Seathwaite Tuff is a silica rich white volcanic rock that formed in a crater lake over a hundred million years ago. It appears as a two metre wide seam fifteen hundred feet above ground level in the Langdale and Borrowdale ranges in south Cumbria.
It has similar qualities to flint and can be worked, using a harder material, to produce a razor sharp edge; yet its high silica content makes it far more durable and less prone to splitting and accidental breakage. For three thousand years it was used to manufacture axes that were exported throughout Europe. Such was their value they became status symbols: a form of currency, with highly polished versions often placed in the burial mounds of warriors and chiefs. At the dawn of agriculture these axes cleared the forests and changed the landscape of Britain forever.
I know all this because I’ve just spent a pleasant couple of hours in the company of writer / photographer Bill Birkett; the second in three generations of legendary Cumbrian climbers who between them have opened up well over a hundred new routes graded in difficulty up to as high as E9. Bill was the photographer on many of their expeditions and his images have been widely published in magazines and climbing journals throughout the world.
Langdale Axe Factory
I’d come to talk about his first visit to the Langdale Axe Factory over thirty years ago. Sketched by Wainwright in the 1930s, its location on the steep scree-strewn slopes beneath the Pike of Stickle is only accessible to experienced climbers. On a winter’s day he and some fellow enthusiasts went along to explore it for themselves.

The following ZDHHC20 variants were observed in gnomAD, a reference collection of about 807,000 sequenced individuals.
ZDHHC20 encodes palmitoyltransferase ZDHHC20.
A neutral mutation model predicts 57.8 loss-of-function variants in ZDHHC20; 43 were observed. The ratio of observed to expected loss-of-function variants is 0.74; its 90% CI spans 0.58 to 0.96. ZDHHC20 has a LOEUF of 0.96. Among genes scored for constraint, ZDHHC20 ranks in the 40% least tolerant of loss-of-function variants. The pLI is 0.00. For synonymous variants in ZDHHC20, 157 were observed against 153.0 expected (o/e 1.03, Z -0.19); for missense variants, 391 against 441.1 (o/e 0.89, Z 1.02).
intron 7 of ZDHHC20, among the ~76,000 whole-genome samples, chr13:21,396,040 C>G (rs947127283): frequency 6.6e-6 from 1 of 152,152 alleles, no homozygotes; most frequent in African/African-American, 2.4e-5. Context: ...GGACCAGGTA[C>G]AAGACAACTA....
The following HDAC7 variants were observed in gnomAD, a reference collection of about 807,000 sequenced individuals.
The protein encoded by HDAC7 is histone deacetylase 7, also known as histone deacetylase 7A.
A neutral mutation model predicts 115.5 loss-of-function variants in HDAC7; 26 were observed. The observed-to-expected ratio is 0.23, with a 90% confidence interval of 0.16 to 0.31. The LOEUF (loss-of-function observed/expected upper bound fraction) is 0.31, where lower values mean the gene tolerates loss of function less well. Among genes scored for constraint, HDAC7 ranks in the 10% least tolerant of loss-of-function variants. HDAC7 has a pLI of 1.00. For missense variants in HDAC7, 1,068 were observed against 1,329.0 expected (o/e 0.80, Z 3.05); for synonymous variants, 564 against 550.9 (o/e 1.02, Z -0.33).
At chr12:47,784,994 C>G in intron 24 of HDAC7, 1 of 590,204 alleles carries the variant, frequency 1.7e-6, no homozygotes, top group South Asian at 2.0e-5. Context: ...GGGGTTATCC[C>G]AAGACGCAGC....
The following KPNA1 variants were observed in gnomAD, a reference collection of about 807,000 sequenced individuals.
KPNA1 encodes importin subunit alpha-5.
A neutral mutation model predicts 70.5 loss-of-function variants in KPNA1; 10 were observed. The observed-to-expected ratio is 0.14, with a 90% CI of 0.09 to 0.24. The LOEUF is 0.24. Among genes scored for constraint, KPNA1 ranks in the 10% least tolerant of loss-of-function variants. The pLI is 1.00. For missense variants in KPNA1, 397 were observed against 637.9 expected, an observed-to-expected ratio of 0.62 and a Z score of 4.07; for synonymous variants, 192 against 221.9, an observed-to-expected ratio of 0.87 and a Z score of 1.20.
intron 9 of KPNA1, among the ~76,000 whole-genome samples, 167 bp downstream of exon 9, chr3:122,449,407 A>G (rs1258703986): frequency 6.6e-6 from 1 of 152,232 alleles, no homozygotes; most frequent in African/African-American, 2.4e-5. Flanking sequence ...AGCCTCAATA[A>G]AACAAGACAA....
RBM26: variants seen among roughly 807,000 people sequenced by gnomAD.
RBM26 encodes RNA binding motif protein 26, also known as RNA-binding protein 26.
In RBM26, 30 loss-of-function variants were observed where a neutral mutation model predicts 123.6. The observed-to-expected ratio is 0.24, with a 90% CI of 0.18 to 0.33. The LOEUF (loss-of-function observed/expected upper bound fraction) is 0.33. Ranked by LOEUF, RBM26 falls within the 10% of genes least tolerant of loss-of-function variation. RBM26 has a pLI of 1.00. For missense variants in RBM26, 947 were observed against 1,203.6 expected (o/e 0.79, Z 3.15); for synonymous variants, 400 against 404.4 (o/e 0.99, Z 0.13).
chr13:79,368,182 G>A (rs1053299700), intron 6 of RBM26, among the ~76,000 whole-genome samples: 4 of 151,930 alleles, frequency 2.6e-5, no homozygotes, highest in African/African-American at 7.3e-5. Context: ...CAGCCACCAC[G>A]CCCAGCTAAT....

The factory is a shallow cave alongside quarry holes and chipping points. Lichen doesn’t form on the tuff and the bright white scree on the approach contrasted sharply with the surrounding rock, as though only recently quarried. Evidence of industry was all around them. In one section they came upon a large round granite block, a hammer stone, surrounded by flakes of graded chippings: beside it on a small shelf in a recess were two palm sized boulders of white Scottish granite; smaller hammer stones that were used to shape the axes. The whole scene was so orderly, so perfectly natural it was as though the workmen had simply put down their tools and gone for a tea break.
The axes discovered there have long disappeared: some were taken as souvenirs, others were handed over to museums and a number of them ended up as gap-fillers in the area’s dry stone walls
I’d asked Bill what made the axes so unique. He placed one in my hands. About eight inches long its main body was lozenge shaped; tapered and honed into a flat sharp edge. It was surprisingly light with its rough surface possessing a soft almost silken feel: the silica having the effect of giving it a plastic coating.
Listening to Bill’s stories while holding an axe made locally over three thousand years ago from a substance produced when the world we know was still forming, was really quite something.